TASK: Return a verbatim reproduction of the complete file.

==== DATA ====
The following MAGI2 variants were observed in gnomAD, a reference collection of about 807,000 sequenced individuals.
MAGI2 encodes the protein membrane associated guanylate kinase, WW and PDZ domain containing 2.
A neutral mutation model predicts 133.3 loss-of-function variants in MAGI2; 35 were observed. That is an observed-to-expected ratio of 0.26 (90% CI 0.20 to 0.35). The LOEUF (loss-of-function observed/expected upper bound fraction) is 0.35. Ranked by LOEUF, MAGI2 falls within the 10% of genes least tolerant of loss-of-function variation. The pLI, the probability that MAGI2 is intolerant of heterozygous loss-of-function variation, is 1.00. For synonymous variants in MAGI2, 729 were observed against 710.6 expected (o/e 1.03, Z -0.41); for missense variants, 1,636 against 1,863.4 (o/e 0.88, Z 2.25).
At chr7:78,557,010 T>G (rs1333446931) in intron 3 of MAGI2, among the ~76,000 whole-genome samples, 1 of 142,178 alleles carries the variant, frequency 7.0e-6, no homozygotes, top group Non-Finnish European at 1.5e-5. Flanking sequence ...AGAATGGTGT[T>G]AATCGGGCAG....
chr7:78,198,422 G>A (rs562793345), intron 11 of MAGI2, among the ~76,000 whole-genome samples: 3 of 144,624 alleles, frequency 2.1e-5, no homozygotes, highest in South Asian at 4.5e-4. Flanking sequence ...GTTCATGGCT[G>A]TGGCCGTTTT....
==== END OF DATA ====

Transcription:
The following MAGI2 variants were observed in gnomAD, a reference collection of about 807,000 sequenced individuals.
MAGI2 encodes the protein membrane associated guanylate kinase, WW and PDZ domain containing 2.
A neutral mutation model predicts 133.3 loss-of-function variants in MAGI2; 35 were observed. That is an observed-to-expected ratio of 0.26 (90% CI 0.20 to 0.35). The LOEUF (loss-of-function observed/expected upper bound fraction) is 0.35. Ranked by LOEUF, MAGI2 falls within the 10% of genes least tolerant of loss-of-function variation. The pLI, the probability that MAGI2 is intolerant of heterozygous loss-of-function variation, is 1.00. For synonymous variants in MAGI2, 729 were observed against 710.6 expected (o/e 1.03, Z -0.41); for missense variants, 1,636 against 1,863.4 (o/e 0.88, Z 2.25).
At chr7:78,557,010 T>G (rs1333446931) in intron 3 of MAGI2, among the ~76,000 whole-genome samples, 1 of 142,178 alleles carries the variant, frequency 7.0e-6, no homozygotes, top group Non-Finnish European at 1.5e-5. Flanking sequence ...AGAATGGTGT[T>G]AATCGGGCAG....
chr7:78,198,422 G>A (rs562793345), intron 11 of MAGI2, among the ~76,000 whole-genome samples: 3 of 144,624 alleles, frequency 2.1e-5, no homozygotes, highest in South Asian at 4.5e-4. Flanking sequence ...GTTCATGGCT[G>A]TGGCCGTTTT....